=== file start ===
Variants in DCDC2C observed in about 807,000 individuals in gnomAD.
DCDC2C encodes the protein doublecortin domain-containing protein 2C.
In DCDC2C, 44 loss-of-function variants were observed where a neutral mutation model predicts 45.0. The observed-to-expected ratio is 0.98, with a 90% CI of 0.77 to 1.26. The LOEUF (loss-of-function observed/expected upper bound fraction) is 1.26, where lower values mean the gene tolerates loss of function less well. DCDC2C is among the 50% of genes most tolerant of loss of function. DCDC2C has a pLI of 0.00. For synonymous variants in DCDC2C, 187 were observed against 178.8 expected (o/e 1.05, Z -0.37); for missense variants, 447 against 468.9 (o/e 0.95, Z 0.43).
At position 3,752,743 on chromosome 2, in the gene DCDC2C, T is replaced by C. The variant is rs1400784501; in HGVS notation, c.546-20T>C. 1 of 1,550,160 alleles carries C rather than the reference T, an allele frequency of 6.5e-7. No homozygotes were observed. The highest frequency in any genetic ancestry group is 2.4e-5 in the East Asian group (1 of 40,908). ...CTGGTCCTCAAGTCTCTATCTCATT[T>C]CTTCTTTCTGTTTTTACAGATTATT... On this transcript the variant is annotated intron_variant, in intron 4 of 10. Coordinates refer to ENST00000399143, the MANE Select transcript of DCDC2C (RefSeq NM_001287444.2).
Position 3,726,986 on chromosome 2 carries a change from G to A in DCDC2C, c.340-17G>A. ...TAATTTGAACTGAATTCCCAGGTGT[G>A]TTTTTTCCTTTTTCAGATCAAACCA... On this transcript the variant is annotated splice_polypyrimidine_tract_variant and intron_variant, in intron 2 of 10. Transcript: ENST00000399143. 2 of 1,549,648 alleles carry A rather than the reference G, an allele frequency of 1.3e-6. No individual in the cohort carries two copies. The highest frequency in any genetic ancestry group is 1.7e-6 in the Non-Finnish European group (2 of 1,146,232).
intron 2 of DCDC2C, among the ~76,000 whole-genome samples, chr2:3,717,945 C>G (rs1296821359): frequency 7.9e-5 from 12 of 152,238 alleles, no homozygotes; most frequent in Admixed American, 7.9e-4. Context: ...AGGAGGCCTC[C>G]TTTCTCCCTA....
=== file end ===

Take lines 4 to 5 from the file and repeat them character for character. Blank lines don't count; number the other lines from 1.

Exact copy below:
At position 3,752,743 on chromosome 2, in the gene DCDC2C, T is replaced by C. The variant is rs1400784501; in HGVS notation, c.546-20T>C. 1 of 1,550,160 alleles carries C rather than the reference T, an allele frequency of 6.5e-7. No homozygotes were observed. The highest frequency in any genetic ancestry group is 2.4e-5 in the East Asian group (1 of 40,908). ...CTGGTCCTCAAGTCTCTATCTCATT[T>C]CTTCTTTCTGTTTTTACAGATTATT... On this transcript the variant is annotated intron_variant, in intron 4 of 10. Coordinates refer to ENST00000399143, the MANE Select transcript of DCDC2C (RefSeq NM_001287444.2).
Position 3,726,986 on chromosome 2 carries a change from G to A in DCDC2C, c.340-17G>A. ...TAATTTGAACTGAATTCCCAGGTGT[G>A]TTTTTTCCTTTTTCAGATCAAACCA... On this transcript the variant is annotated splice_polypyrimidine_tract_variant and intron_variant, in intron 2 of 10. Transcript: ENST00000399143. 2 of 1,549,648 alleles carry A rather than the reference G, an allele frequency of 1.3e-6. No individual in the cohort carries two copies. The highest frequency in any genetic ancestry group is 1.7e-6 in the Non-Finnish European group (2 of 1,146,232).